Clause 11(g) of the Standing Orders is as under :

'11(g). If an employee remains absent beyond the period of leave originally granted or subsequently extended, he shall lose his lien on the appointment unless he returns :

(i) within 12 days of the expiry of leave, and

(ii) gives an Explanationn to the satisfaction of the employer of his inability to return to work on the expiry of leave. If an employee returns within 12 days of the expiry of the leave but does not give satisfactory Explanationn for his overstay, he will lose his lien on the appointment.'

Learned counsel for respondent No. 2 submits that the workman was absent from duty without permission and sanction of leave within the meaning of clause 15(a)(3) of the Standing Orders which reads as under :

'15. Misconduct and Disciplinary Action :

(A) The following acts of omissions and commissions shall be treated as minor misconduct :

(1) * * * (2) * * * (3) Absence from duty without permission and sanction of leave on rare occasions.'

The question for decision is what is the scope of clause 11(g) of the Standing Orders and whether the present case of respondent No. 2 is covered by clause 11(g) or clause 15A(3) of the Standing Orders and in case both the clauses are applicable whether the management has a right to invoke only clause 11(g) and not clause 15A(3) of the Standing Orders.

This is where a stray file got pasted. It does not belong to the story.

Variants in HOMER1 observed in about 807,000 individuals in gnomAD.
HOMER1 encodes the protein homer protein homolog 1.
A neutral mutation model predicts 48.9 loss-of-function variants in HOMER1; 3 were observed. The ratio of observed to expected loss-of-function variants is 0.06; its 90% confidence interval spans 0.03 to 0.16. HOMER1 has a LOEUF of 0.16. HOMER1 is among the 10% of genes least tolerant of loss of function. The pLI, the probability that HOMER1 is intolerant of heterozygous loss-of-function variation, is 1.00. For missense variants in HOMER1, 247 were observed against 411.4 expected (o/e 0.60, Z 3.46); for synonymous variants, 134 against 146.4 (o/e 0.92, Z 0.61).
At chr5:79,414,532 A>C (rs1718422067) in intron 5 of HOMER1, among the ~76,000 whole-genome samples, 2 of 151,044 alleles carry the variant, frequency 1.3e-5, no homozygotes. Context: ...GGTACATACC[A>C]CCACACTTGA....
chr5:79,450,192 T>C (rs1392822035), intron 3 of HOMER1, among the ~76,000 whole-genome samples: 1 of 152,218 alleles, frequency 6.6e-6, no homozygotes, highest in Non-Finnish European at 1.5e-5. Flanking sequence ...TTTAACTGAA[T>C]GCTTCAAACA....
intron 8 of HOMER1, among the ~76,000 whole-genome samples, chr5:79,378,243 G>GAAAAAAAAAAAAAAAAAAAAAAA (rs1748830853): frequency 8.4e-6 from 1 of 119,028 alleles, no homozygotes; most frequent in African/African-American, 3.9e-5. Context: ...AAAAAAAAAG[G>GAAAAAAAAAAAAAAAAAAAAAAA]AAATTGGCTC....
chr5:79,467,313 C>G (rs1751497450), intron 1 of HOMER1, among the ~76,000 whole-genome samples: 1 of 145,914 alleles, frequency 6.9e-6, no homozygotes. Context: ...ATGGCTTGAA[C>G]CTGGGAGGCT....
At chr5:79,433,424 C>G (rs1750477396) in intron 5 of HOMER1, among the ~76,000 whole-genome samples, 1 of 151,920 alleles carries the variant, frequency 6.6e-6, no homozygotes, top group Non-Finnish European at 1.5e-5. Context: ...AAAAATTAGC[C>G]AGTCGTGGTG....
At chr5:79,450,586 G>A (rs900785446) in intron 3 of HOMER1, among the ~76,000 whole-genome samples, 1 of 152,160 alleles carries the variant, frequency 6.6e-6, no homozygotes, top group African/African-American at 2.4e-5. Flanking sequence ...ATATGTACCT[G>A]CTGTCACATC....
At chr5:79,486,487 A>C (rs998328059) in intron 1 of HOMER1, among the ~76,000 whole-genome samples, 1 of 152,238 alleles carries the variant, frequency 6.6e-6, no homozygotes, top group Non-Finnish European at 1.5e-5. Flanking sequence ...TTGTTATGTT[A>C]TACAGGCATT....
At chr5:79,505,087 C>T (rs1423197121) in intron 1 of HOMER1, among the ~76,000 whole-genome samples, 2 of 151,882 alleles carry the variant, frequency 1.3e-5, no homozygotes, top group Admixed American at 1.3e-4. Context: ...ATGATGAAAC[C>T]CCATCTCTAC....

In Indian Iron & Steel Co, Ltd. v. Their Workmen, 1958 1 L.L.J. 260, the clause relating to absenteeism in the Standing Orders of the management was as follows : 'Absenteeism - Worker absent without leave will be subject to disciplinary action. Overstaying leave will be considered as absence without leave. Any worker who is absent for 14 consecutive days without permission will be automatically discharged. Also, any worker who is absent for 14 individual days during any period of 12 months is liable to discharge.'

6. In that case the workmen were taken into custody by the police and remained in custody for some time; they applied for leave when in custody but leave was refused. The Industrial Tribunal took the view that as the workmen were in the custody of the police, the management was not justified in refusing leave. The Supreme Court held that it is true that the arrested men were not in a position to come to their work because they had been arrested by the police but it would be unjust to hold that in such circumstances the company must always give leave when an application for leave is made. It has been further observed that whether in such circumstances leave should be granted or not must be left to the discretion of the management. It was, thereforee, held that the effect of the above clause of absenteeism be given against the workman.